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Aquaculture poses a sustainable alternative to wild harvest of sponges which has devastated natural populations in regions where collecting has traditionally been the main source of supply. Natural sponges are sought after by cosmetic and industrial cleaning companies due to their highly absorbent skeletons. At present, international demand for bath sponges far outweighs the supply reserves. The world sponge industry, which is primarily supplied by the Mediterranean and the Caribbean, is worth over $40 million.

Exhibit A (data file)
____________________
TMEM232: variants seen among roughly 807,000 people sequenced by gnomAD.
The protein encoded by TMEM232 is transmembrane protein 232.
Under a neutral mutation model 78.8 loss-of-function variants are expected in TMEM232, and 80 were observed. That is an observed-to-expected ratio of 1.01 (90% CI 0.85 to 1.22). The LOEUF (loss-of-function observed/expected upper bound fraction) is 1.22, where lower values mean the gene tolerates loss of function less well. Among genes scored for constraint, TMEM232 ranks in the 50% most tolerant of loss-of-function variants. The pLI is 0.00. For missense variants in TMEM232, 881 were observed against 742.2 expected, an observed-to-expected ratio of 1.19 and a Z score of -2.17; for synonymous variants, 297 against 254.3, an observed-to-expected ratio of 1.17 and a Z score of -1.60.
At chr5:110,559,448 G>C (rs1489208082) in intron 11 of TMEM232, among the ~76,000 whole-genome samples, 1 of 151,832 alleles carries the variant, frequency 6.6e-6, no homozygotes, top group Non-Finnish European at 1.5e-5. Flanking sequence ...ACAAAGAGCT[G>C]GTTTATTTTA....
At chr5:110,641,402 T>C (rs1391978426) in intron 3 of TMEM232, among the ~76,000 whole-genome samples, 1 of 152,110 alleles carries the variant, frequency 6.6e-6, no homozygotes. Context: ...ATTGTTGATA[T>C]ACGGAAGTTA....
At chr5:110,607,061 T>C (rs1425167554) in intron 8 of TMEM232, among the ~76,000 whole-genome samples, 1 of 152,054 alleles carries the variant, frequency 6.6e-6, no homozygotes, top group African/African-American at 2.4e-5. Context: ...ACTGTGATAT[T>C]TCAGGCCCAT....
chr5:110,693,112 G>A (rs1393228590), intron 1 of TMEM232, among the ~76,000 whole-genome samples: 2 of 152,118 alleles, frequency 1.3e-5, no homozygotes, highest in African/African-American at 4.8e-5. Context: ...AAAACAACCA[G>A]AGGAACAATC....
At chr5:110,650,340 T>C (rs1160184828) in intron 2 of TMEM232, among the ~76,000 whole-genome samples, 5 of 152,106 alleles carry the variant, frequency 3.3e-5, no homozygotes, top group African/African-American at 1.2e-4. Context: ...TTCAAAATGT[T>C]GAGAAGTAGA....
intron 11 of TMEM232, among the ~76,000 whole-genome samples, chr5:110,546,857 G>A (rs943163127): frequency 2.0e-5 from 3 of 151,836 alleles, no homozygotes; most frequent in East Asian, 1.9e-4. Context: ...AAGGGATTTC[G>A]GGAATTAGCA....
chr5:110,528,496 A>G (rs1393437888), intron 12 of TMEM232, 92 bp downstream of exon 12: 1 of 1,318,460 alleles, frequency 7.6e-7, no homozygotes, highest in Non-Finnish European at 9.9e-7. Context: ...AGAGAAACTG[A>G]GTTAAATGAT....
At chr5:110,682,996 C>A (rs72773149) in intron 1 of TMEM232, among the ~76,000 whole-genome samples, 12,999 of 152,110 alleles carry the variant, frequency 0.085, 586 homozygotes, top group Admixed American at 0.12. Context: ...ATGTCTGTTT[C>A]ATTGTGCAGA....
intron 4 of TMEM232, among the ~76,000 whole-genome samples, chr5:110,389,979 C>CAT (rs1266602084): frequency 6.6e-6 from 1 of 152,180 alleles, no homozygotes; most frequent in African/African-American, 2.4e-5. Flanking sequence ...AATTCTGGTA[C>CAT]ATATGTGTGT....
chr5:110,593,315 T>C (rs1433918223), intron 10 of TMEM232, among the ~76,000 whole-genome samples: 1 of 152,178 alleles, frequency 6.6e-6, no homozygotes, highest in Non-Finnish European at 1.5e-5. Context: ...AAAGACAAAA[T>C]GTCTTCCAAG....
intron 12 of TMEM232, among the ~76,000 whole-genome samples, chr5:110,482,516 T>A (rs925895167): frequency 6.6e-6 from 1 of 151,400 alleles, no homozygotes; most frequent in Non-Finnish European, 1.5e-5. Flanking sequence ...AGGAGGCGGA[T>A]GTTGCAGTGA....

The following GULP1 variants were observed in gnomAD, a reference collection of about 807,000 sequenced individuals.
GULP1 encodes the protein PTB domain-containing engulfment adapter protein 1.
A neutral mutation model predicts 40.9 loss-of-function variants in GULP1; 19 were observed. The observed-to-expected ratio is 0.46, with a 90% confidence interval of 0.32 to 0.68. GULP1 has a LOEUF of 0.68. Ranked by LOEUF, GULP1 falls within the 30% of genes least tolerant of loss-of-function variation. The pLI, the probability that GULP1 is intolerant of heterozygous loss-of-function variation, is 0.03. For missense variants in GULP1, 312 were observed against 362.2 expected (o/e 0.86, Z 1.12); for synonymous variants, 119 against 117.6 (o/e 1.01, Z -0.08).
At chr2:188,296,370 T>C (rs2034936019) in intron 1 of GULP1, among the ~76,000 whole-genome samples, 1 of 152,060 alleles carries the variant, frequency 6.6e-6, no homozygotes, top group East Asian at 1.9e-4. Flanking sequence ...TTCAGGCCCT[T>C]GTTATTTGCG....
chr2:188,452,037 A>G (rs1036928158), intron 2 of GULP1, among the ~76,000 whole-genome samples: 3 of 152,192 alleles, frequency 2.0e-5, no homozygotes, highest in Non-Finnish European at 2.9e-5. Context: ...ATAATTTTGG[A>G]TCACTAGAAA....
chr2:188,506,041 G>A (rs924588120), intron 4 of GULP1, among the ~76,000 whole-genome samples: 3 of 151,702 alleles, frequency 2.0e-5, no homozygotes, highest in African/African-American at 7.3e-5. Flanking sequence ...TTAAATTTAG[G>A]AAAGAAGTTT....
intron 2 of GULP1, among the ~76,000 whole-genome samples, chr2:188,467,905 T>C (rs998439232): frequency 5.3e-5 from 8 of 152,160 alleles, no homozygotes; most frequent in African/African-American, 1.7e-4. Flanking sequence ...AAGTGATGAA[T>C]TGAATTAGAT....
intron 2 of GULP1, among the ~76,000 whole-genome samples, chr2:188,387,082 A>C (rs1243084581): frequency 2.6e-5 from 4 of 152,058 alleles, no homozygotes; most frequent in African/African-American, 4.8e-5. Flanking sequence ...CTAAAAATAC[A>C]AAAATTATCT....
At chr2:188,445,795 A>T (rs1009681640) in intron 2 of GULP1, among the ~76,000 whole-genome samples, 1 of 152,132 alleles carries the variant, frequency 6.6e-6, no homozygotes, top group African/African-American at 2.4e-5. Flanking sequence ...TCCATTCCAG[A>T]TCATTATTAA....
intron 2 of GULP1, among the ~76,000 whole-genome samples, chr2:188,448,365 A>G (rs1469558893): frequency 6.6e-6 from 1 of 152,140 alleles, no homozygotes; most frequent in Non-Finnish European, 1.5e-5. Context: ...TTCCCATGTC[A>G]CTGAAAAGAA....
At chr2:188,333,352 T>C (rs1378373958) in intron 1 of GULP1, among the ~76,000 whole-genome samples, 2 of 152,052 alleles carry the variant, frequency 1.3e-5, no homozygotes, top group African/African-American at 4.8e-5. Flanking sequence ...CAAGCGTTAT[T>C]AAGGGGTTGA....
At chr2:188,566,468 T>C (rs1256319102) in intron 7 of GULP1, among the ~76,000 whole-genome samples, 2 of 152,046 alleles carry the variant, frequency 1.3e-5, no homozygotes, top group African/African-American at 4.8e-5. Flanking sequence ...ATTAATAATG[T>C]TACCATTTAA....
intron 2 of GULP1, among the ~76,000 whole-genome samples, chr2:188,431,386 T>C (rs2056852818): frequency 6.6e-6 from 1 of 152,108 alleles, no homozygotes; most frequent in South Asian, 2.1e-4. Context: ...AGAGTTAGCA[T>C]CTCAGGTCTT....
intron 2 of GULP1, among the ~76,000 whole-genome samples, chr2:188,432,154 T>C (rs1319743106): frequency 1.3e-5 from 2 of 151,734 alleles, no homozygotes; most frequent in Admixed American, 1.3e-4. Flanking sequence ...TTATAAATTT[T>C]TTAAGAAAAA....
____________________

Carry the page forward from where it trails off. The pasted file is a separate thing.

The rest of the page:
AIMS has established pilot projects for sponge farming in the Torres Strait and the Palm Islands in collaboration with local indigenous communities. This is a first for Australia and both ventures are moving towards commercial start-ups which, if successful, will provide new employment and training opportunities in remote areas of tropical Australia.

Sponges are animals with low maintenance needs, requiring no artificial feeding, making sponge farms a suitable venture for areas where facilities are limited and the health of corals reefs and water quality are a concern.

AIMS has also pioneered aquaculture of sponges near its Western Australian facility to produce chemicals needed for pre-clinical trials of promising drug leads.